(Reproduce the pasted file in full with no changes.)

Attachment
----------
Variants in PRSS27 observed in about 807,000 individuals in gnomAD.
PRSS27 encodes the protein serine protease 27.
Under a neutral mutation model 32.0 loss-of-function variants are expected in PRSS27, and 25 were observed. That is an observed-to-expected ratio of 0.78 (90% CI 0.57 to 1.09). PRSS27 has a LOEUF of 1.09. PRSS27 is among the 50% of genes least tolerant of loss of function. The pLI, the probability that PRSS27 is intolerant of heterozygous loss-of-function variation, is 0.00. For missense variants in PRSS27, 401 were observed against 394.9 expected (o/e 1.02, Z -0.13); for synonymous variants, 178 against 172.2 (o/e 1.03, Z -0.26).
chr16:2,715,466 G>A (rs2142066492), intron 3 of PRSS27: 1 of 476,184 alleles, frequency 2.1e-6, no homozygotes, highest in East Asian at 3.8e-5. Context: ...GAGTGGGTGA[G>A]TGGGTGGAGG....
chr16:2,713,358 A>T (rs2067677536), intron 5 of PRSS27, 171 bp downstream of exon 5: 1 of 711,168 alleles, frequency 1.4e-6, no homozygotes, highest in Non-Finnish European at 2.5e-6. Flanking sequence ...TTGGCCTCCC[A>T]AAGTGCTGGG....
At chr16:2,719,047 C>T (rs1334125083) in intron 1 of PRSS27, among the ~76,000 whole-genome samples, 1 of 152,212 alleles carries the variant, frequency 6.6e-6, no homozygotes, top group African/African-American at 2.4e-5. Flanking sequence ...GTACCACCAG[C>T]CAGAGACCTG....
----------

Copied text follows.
Variants in PRSS27 observed in about 807,000 individuals in gnomAD.
PRSS27 encodes the protein serine protease 27.
Under a neutral mutation model 32.0 loss-of-function variants are expected in PRSS27, and 25 were observed. That is an observed-to-expected ratio of 0.78 (90% CI 0.57 to 1.09). PRSS27 has a LOEUF of 1.09. PRSS27 is among the 50% of genes least tolerant of loss of function. The pLI, the probability that PRSS27 is intolerant of heterozygous loss-of-function variation, is 0.00. For missense variants in PRSS27, 401 were observed against 394.9 expected (o/e 1.02, Z -0.13); for synonymous variants, 178 against 172.2 (o/e 1.03, Z -0.26).
chr16:2,715,466 G>A (rs2142066492), intron 3 of PRSS27: 1 of 476,184 alleles, frequency 2.1e-6, no homozygotes, highest in East Asian at 3.8e-5. Context: ...GAGTGGGTGA[G>A]TGGGTGGAGG....
chr16:2,713,358 A>T (rs2067677536), intron 5 of PRSS27, 171 bp downstream of exon 5: 1 of 711,168 alleles, frequency 1.4e-6, no homozygotes, highest in Non-Finnish European at 2.5e-6. Flanking sequence ...TTGGCCTCCC[A>T]AAGTGCTGGG....
At chr16:2,719,047 C>T (rs1334125083) in intron 1 of PRSS27, among the ~76,000 whole-genome samples, 1 of 152,212 alleles carries the variant, frequency 6.6e-6, no homozygotes, top group African/African-American at 2.4e-5. Flanking sequence ...GTACCACCAG[C>T]CAGAGACCTG....